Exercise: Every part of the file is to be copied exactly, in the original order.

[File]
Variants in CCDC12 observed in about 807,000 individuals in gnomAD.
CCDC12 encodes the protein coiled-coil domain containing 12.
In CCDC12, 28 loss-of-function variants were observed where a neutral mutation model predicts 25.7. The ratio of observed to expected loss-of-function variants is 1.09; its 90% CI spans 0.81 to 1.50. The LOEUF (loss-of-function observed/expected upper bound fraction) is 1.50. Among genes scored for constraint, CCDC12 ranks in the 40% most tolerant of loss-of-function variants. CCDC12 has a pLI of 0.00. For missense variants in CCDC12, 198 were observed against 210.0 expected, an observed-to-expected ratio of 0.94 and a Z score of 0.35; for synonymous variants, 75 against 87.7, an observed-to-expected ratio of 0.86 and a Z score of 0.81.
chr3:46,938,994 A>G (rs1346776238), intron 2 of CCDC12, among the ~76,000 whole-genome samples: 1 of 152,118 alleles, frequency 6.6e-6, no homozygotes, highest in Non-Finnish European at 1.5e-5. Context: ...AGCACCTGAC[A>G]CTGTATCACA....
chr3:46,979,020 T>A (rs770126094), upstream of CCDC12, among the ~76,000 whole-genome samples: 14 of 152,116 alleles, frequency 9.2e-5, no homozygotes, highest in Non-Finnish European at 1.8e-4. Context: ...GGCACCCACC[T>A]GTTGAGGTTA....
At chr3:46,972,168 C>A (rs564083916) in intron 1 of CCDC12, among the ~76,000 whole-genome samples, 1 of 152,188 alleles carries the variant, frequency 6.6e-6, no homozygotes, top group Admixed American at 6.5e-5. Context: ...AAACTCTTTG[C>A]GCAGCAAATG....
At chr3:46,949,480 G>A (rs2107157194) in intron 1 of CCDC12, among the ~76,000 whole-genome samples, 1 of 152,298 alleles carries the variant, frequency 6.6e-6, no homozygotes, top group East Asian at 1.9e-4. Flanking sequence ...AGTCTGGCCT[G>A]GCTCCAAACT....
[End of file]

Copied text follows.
Variants in CCDC12 observed in about 807,000 individuals in gnomAD.
CCDC12 encodes the protein coiled-coil domain containing 12.
In CCDC12, 28 loss-of-function variants were observed where a neutral mutation model predicts 25.7. The ratio of observed to expected loss-of-function variants is 1.09; its 90% CI spans 0.81 to 1.50. The LOEUF (loss-of-function observed/expected upper bound fraction) is 1.50. Among genes scored for constraint, CCDC12 ranks in the 40% most tolerant of loss-of-function variants. CCDC12 has a pLI of 0.00. For missense variants in CCDC12, 198 were observed against 210.0 expected, an observed-to-expected ratio of 0.94 and a Z score of 0.35; for synonymous variants, 75 against 87.7, an observed-to-expected ratio of 0.86 and a Z score of 0.81.
chr3:46,938,994 A>G (rs1346776238), intron 2 of CCDC12, among the ~76,000 whole-genome samples: 1 of 152,118 alleles, frequency 6.6e-6, no homozygotes, highest in Non-Finnish European at 1.5e-5. Context: ...AGCACCTGAC[A>G]CTGTATCACA....
chr3:46,979,020 T>A (rs770126094), upstream of CCDC12, among the ~76,000 whole-genome samples: 14 of 152,116 alleles, frequency 9.2e-5, no homozygotes, highest in Non-Finnish European at 1.8e-4. Context: ...GGCACCCACC[T>A]GTTGAGGTTA....
At chr3:46,972,168 C>A (rs564083916) in intron 1 of CCDC12, among the ~76,000 whole-genome samples, 1 of 152,188 alleles carries the variant, frequency 6.6e-6, no homozygotes, top group Admixed American at 6.5e-5. Context: ...AAACTCTTTG[C>A]GCAGCAAATG....
At chr3:46,949,480 G>A (rs2107157194) in intron 1 of CCDC12, among the ~76,000 whole-genome samples, 1 of 152,298 alleles carries the variant, frequency 6.6e-6, no homozygotes, top group East Asian at 1.9e-4. Flanking sequence ...AGTCTGGCCT[G>A]GCTCCAAACT....